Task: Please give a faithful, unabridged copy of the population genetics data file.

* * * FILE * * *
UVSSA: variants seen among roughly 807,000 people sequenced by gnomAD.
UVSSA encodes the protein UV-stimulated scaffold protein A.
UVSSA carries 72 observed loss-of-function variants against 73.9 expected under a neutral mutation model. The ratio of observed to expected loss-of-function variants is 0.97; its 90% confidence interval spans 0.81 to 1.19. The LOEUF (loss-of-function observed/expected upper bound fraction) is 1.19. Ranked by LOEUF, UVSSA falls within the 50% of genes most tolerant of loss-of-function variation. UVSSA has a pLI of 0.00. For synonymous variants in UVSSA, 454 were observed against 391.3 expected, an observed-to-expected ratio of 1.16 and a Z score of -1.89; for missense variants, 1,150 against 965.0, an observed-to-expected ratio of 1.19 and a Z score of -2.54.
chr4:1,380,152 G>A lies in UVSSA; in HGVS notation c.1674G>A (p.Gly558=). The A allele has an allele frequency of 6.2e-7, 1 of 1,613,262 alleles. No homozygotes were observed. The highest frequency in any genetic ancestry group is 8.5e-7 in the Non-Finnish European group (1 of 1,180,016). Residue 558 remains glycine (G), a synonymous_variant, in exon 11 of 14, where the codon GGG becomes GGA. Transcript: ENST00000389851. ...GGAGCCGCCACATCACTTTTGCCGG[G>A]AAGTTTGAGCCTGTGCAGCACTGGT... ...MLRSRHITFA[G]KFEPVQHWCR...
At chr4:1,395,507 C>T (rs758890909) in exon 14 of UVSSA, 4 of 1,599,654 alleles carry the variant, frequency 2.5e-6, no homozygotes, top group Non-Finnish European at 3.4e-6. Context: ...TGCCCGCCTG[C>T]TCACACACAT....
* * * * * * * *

UVSSA: variants seen among roughly 807,000 people sequenced by gnomAD.
UVSSA encodes the protein UV-stimulated scaffold protein A.
UVSSA carries 72 observed loss-of-function variants against 73.9 expected under a neutral mutation model. The ratio of observed to expected loss-of-function variants is 0.97; its 90% confidence interval spans 0.81 to 1.19. The LOEUF (loss-of-function observed/expected upper bound fraction) is 1.19. Ranked by LOEUF, UVSSA falls within the 50% of genes most tolerant of loss-of-function variation. UVSSA has a pLI of 0.00. For synonymous variants in UVSSA, 454 were observed against 391.3 expected, an observed-to-expected ratio of 1.16 and a Z score of -1.89; for missense variants, 1,150 against 965.0, an observed-to-expected ratio of 1.19 and a Z score of -2.54.
chr4:1,380,152 G>A lies in UVSSA; in HGVS notation c.1674G>A (p.Gly558=). The A allele has an allele frequency of 6.2e-7, 1 of 1,613,262 alleles. No homozygotes were observed. The highest frequency in any genetic ancestry group is 8.5e-7 in the Non-Finnish European group (1 of 1,180,016). Residue 558 remains glycine (G), a synonymous_variant, in exon 11 of 14, where the codon GGG becomes GGA. Transcript: ENST00000389851. ...GGAGCCGCCACATCACTTTTGCCGG[G>A]AAGTTTGAGCCTGTGCAGCACTGGT... ...MLRSRHITFA[G]KFEPVQHWCR...
At chr4:1,395,507 C>T (rs758890909) in exon 14 of UVSSA, 4 of 1,599,654 alleles carry the variant, frequency 2.5e-6, no homozygotes, top group Non-Finnish European at 3.4e-6. Context: ...TGCCCGCCTG[C>T]TCACACACAT....